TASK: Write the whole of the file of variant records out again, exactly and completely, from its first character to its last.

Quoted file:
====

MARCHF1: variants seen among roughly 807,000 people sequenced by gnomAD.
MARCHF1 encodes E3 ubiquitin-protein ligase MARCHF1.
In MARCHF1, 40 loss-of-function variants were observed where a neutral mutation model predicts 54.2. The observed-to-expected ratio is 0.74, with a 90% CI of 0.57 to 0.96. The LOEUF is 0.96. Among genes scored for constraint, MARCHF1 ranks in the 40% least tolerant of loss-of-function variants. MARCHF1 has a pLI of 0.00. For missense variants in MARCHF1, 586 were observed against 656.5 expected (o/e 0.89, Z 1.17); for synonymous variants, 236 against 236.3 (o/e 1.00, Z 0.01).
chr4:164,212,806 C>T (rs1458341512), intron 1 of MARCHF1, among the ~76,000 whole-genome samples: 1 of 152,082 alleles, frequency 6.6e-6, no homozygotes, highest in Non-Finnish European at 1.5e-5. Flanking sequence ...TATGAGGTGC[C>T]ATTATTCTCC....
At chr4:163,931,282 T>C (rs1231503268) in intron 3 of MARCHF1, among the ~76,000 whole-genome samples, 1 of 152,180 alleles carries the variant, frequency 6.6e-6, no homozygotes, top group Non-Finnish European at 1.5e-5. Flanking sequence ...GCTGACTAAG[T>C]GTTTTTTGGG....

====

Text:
MARCHF1: variants seen among roughly 807,000 people sequenced by gnomAD.
MARCHF1 encodes E3 ubiquitin-protein ligase MARCHF1.
In MARCHF1, 40 loss-of-function variants were observed where a neutral mutation model predicts 54.2. The observed-to-expected ratio is 0.74, with a 90% CI of 0.57 to 0.96. The LOEUF is 0.96. Among genes scored for constraint, MARCHF1 ranks in the 40% least tolerant of loss-of-function variants. MARCHF1 has a pLI of 0.00. For missense variants in MARCHF1, 586 were observed against 656.5 expected (o/e 0.89, Z 1.17); for synonymous variants, 236 against 236.3 (o/e 1.00, Z 0.01).
chr4:164,212,806 C>T (rs1458341512), intron 1 of MARCHF1, among the ~76,000 whole-genome samples: 1 of 152,082 alleles, frequency 6.6e-6, no homozygotes, highest in Non-Finnish European at 1.5e-5. Flanking sequence ...TATGAGGTGC[C>T]ATTATTCTCC....
At chr4:163,931,282 T>C (rs1231503268) in intron 3 of MARCHF1, among the ~76,000 whole-genome samples, 1 of 152,180 alleles carries the variant, frequency 6.6e-6, no homozygotes, top group Non-Finnish European at 1.5e-5. Flanking sequence ...GCTGACTAAG[T>C]GTTTTTTGGG....